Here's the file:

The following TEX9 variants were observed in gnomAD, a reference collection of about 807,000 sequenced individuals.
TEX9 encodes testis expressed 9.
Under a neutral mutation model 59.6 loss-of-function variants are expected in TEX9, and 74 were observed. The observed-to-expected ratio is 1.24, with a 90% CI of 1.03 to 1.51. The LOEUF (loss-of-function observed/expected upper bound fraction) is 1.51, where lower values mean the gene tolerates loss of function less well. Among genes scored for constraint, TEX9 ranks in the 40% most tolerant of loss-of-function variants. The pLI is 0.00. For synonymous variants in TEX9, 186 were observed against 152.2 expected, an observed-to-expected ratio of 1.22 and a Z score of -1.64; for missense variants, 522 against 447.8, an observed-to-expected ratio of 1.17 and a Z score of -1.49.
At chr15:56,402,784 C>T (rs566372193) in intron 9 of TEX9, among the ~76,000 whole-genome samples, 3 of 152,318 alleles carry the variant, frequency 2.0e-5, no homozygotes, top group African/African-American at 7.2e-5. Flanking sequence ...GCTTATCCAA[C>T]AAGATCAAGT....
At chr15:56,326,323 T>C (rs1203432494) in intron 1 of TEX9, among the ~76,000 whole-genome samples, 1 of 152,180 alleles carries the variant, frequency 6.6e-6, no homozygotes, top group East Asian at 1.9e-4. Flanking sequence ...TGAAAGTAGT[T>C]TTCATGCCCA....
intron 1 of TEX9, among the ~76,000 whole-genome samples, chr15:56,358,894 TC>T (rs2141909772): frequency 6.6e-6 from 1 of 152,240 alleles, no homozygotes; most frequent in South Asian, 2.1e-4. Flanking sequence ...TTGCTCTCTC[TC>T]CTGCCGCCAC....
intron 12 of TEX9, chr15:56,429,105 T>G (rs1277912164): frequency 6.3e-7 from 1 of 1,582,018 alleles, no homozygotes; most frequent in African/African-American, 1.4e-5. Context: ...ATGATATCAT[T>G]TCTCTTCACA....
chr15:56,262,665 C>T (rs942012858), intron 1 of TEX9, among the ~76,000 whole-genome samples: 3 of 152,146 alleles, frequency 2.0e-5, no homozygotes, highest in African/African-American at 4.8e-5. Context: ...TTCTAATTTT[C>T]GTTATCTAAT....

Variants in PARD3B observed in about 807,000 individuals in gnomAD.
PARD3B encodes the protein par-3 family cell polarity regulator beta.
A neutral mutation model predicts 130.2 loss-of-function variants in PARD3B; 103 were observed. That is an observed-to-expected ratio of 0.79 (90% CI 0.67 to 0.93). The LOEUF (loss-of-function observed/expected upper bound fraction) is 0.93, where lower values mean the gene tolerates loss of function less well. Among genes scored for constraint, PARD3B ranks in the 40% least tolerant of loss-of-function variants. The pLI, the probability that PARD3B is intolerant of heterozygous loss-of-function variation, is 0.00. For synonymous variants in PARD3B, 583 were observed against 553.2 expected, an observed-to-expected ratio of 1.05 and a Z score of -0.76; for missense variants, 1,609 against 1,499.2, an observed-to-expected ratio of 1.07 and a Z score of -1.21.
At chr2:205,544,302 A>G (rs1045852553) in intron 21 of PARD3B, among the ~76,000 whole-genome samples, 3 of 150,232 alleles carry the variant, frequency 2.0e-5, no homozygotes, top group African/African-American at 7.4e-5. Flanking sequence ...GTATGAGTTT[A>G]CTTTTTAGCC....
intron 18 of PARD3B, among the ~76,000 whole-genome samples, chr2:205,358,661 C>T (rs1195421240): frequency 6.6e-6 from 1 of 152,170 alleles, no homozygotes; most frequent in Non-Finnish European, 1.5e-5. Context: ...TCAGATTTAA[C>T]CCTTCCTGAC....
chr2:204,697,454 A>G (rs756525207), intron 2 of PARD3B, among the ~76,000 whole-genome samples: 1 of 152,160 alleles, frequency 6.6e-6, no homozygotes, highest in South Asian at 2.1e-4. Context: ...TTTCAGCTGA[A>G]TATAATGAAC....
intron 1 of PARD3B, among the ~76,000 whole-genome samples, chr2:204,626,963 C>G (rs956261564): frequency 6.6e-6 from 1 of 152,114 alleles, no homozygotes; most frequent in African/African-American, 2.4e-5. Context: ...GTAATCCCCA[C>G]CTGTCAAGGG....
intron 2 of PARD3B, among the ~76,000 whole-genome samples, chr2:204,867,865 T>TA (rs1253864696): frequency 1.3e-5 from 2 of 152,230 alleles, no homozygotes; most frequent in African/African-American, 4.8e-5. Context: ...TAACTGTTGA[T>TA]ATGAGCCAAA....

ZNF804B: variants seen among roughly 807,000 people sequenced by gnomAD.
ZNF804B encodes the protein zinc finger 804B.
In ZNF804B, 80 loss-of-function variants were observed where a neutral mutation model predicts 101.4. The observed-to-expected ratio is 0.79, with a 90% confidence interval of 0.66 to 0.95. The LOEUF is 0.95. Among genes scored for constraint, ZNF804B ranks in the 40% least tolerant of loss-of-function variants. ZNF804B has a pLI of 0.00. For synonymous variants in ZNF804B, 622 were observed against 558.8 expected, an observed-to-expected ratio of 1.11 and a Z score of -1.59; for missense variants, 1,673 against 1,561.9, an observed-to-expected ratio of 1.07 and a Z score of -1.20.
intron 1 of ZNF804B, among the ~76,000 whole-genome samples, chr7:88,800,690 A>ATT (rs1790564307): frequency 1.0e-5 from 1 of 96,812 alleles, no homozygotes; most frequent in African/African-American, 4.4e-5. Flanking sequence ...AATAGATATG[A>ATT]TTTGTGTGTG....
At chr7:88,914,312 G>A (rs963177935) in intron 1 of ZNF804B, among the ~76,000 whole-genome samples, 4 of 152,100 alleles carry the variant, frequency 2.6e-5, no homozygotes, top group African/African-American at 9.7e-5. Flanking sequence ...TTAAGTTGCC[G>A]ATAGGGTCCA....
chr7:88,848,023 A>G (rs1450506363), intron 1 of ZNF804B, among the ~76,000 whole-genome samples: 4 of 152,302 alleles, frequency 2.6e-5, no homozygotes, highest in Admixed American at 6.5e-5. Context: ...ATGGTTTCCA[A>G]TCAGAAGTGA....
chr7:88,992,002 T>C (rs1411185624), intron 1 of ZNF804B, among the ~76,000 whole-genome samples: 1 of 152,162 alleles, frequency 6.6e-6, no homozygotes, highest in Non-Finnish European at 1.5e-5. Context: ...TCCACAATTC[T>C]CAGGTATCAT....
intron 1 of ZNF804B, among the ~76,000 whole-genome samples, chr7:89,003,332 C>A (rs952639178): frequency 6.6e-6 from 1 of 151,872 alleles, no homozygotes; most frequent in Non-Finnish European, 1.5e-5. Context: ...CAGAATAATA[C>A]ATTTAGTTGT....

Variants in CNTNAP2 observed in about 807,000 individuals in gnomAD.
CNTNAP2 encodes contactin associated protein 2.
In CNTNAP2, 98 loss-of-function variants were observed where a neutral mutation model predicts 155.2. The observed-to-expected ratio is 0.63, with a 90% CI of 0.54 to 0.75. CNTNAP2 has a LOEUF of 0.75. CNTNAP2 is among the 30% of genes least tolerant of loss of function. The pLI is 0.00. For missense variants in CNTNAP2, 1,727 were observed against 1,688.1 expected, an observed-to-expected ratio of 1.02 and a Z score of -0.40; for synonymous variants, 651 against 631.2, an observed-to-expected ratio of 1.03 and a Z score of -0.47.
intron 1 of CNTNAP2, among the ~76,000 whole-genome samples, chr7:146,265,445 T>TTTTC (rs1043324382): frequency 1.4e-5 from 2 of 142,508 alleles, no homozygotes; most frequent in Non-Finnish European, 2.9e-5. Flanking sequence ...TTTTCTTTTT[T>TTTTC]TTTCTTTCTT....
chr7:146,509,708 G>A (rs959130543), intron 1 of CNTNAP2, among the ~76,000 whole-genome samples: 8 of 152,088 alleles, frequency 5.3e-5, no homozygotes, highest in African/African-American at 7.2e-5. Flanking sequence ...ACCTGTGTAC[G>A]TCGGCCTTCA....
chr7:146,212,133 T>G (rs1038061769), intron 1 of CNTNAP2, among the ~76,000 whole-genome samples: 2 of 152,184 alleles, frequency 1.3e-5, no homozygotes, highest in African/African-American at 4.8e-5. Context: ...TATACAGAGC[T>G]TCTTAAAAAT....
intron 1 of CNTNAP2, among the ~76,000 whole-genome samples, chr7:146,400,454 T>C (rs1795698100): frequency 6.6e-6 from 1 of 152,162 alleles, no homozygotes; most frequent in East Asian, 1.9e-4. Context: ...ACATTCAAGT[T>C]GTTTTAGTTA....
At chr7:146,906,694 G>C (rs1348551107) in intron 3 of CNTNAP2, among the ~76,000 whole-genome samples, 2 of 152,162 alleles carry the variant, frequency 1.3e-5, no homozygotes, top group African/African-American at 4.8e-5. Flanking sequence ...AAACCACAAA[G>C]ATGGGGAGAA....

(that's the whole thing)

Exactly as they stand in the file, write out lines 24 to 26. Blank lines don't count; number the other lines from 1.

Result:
intron 1 of ZNF804B, among the ~76,000 whole-genome samples, chr7:89,003,332 C>A (rs952639178): frequency 6.6e-6 from 1 of 151,872 alleles, no homozygotes; most frequent in Non-Finnish European, 1.5e-5. Context: ...CAGAATAATA[C>A]ATTTAGTTGT....

Variants in CNTNAP2 observed in about 807,000 individuals in gnomAD.
CNTNAP2 encodes contactin associated protein 2.